Travel Stories

Sea glass: From Trash to Treasure

As we were waiting for the boat that will take us to White Island that morning in Camiguin, I busied myself with looking for some sea glass at the beach. I remembered from the trip I had last July 2018 how interested my friends were about this thing that they even looked for a souvenir shop in Cagayan de Oro City that sells a necklace with it. Since then, these ocean gems have fascinated me.

I gave the shore a combing look when my eyes locked into a white one tucked beneath the black sand and broken shells. I squatted to get it and kept it in my pouch.

“Hey, what happened with the ‘take nothing but pictures’ principle?” Joseph asked. I pulled it out from my bag and told him,

“I picked up a treasure made of trash,”

a collection of sea glass laid around a ceramic mermaid tail
My sea glass collection from Catarman, Camiguin and Anilao, Batangas

What is a Sea Glass?

Sea glasses are actually broken pieces of glass. These shards came from bottles of beers, perfumes, soft drinks, ceramics or wrecks washed into the oceans; hence, trash. This explains why they are of various colors. The tides, waves, rock and sand tumbled them naturally at the ocean for at least 15 to 30 years. This phenomenon polished these glasses eventually making it appear like smooth and colorful stones at the shores.

Its value also depends on its rarity. The enthusiasts and collectors consider factors such as colors, size, shape and age in identifying its value and rarity. Its price ranges from $6 to $100+ depending on its characteristics and of course, its embellishments.

A collection of sea glass of different colors on top of a black surface
My treasured sea glass collection since 2018
Take note that the blue, orange, red, yellow and pink are among the rarest of them!

Where to Find Sea Glass?

If you are keen enough, you’d be able to find them on your casual stroll in a shore of a beach. In my case, I found mine in pebbly and grainy sand public beaches near residential communities in the Philippines particularly in Batangas and Camiguin.

The greatest question in here would be, “Is it perfectly fine to be picking them up and personally collecting them?” In other countries, especially in the US, Bermuda, Australia, Hawaii, England, Scotland, where sea glass is the main highlight of an attraction or point of interest, say a beach or a bay, collecting them is illegal. Meanwhile, there are no laws in the Philippines that explicitly state that collecting such is illegal. However, we should also consider that it has been a part of the locals’ livelihood already. So, letting them be is like showing a way to support them, too, since we are giving way for them. After realizing this, I stopped collecting them already and just enjoyed whatever I have had for the past two years.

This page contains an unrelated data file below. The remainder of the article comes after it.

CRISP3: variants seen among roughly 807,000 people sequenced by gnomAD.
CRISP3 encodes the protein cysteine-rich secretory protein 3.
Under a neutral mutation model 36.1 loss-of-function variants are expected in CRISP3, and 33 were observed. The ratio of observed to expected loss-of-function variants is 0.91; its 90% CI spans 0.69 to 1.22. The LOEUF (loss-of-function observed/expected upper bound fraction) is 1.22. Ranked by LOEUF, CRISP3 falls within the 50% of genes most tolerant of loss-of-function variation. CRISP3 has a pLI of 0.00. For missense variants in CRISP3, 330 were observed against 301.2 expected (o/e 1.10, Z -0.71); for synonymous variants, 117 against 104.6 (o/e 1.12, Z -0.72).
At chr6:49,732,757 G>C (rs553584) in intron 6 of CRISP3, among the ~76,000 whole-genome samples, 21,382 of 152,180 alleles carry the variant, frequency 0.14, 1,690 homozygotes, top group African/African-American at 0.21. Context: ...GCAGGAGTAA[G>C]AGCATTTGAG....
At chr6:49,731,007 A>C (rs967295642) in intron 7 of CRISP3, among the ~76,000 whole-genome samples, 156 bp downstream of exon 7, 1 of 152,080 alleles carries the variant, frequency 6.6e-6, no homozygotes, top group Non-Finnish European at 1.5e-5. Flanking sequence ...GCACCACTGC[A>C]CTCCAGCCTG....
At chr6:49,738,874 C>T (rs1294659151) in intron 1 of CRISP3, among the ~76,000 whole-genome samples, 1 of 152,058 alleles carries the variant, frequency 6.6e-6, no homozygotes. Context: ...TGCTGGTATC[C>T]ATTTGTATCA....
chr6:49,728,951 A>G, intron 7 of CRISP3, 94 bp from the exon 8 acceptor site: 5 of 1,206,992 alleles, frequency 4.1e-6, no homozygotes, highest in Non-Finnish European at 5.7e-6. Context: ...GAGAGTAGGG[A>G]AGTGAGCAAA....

The Sea Glass Museum and Art Gallery

The Island of Camiguin is well-known not only for the Lanzones Festival but also for sea glass. Actually, there is a Sea Glass Museum and Art Gallery in the province that showcases various sea to shore treasures, its types and pieces and even artworks made out of sea glass. Everyone is welcome in the museum that is located in Brgy. Bug-Ong, along Camiguin Road in Mambajao. You can also take home a piece of these sea treasures by buying souvenirs from their gallery.

Camiguin’s Sea Glass Museum and Art Gallery
Photo by Treasures Camiguin

Where to Buy Sea Glass Jewelries

Apparently, there have been businesses that support the locals through making timeless pieces out of these treasures. Among those are the following:

Cat + Kai Handmade Jewelry

Cat + Kai Handmade Jewelry sells sophisticated, unique and personalized jewelries made out of sea glass and silver. You may check their items on their Facebook page or their Instagram account. For inquiries, you may reach them through their e-mail:

hand made jewelries
Some of the loveliest designs by Cat + Kai! Gift ideas, yeah?
Photo by @catkaihandmade

Sakilid Bay-Bay

Trivia time! Sakilid Bay-Bay is a Hiligaynon phrase which means “by the sea”. Recently, they partnered with the locals from Isla Verde, Batangas who supply them the weathered broken glasses. Thus, supporting this shop through buying sea glass jewelries also means helping the locals of Isla Verde in a way.

sea glass jewelries
Isn’t that charm bracelet lovely?
Photo by Reef Nomads

Treasures Camiguin

A Non-Government Organization, Komunidad sa Baibai, runs Treasures Camiguin which provides livelihood for the locals of Agoho Village, Camiguin Island. They encourage both local children and women to participate into their sustainability and entrepreneurship project that would also benefit them. This project involves arts and crafts including the making of the sea glass accessories.

a kid in festival costume handing out sea glasses
The Island Born of Fire is also known for the sea glasses!
Photo by Treasures Camiguin

So, if you’re looking for something precious as a present to a loved one, this might be a good idea! You’re not just only making someone else happy with it but you’re also supporting a local community at the bays.

Parting Words

Indeed, the sea incredibly makes treasures out of trash. However, we should be reminded that this is not always the case. There are trash that the ocean could not deal the same way and this greatly affects the life underwater that it holds. Hence, as stewards of nature, let’s do our part in taking care of the ocean through our own simple ways.

Related article: Towards Sustainability: Be Eco-Friendly with Style!

Anne Elizabeth Gumiran, also known as Queenie, is a 20-something, full-time public school teacher, a part-time travel blogger and a freediver. She started putting her stories of adventures and misadventures into words and pictures in 2017 and continues to do so as she shares her advocacy, Sustainable Traveling.

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